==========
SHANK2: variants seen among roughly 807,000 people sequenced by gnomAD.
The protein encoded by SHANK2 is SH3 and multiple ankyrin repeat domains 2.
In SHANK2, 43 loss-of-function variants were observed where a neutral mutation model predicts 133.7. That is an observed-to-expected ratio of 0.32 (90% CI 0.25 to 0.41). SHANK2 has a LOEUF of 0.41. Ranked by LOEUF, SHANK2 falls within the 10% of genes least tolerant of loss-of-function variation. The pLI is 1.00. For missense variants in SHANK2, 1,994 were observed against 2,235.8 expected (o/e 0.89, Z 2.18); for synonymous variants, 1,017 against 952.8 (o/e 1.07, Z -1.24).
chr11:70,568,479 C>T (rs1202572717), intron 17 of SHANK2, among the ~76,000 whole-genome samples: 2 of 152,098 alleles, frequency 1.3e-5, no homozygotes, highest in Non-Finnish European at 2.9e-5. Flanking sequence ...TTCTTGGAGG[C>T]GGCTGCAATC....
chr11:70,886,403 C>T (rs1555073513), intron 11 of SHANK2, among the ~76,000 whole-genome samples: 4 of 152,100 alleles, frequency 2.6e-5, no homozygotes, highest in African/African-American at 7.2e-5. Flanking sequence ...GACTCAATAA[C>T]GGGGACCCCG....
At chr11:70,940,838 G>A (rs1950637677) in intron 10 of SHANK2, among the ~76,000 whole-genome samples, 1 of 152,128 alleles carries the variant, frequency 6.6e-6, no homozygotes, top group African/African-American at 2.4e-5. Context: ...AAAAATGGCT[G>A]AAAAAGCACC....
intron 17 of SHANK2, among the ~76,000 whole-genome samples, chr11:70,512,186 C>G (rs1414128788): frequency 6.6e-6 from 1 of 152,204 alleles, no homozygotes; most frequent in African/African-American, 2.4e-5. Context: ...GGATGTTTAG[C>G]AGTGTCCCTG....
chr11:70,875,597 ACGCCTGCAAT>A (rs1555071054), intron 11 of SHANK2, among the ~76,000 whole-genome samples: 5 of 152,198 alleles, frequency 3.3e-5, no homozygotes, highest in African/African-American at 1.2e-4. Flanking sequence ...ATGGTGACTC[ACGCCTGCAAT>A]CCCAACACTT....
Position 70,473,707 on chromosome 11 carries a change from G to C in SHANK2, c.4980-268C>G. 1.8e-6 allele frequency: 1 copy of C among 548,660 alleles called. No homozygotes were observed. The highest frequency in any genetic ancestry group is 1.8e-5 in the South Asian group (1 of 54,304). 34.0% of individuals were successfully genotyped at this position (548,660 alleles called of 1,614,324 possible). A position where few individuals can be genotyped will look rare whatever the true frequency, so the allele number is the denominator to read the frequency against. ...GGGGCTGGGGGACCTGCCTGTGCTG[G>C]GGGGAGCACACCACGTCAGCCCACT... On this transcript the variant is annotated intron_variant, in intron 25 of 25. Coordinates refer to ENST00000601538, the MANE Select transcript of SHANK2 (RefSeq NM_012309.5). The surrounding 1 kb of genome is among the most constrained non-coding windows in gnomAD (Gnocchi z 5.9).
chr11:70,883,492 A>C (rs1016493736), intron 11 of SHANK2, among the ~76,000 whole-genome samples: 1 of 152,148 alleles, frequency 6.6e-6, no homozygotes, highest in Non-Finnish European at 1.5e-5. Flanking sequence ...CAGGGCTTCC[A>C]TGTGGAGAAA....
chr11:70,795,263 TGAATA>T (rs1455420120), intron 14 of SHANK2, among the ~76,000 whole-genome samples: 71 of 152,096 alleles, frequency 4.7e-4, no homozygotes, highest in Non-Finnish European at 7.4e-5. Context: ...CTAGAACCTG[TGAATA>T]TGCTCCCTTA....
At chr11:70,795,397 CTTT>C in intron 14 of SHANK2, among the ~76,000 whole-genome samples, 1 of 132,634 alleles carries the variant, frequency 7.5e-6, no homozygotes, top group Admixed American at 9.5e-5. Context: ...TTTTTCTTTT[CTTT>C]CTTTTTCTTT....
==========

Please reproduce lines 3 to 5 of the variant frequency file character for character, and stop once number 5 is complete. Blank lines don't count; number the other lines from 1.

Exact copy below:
In SHANK2, 43 loss-of-function variants were observed where a neutral mutation model predicts 133.7. That is an observed-to-expected ratio of 0.32 (90% CI 0.25 to 0.41). SHANK2 has a LOEUF of 0.41. Ranked by LOEUF, SHANK2 falls within the 10% of genes least tolerant of loss-of-function variation. The pLI is 1.00. For missense variants in SHANK2, 1,994 were observed against 2,235.8 expected (o/e 0.89, Z 2.18); for synonymous variants, 1,017 against 952.8 (o/e 1.07, Z -1.24).
chr11:70,568,479 C>T (rs1202572717), intron 17 of SHANK2, among the ~76,000 whole-genome samples: 2 of 152,098 alleles, frequency 1.3e-5, no homozygotes, highest in Non-Finnish European at 2.9e-5. Flanking sequence ...TTCTTGGAGG[C>T]GGCTGCAATC....
chr11:70,886,403 C>T (rs1555073513), intron 11 of SHANK2, among the ~76,000 whole-genome samples: 4 of 152,100 alleles, frequency 2.6e-5, no homozygotes, highest in African/African-American at 7.2e-5. Flanking sequence ...GACTCAATAA[C>T]GGGGACCCCG....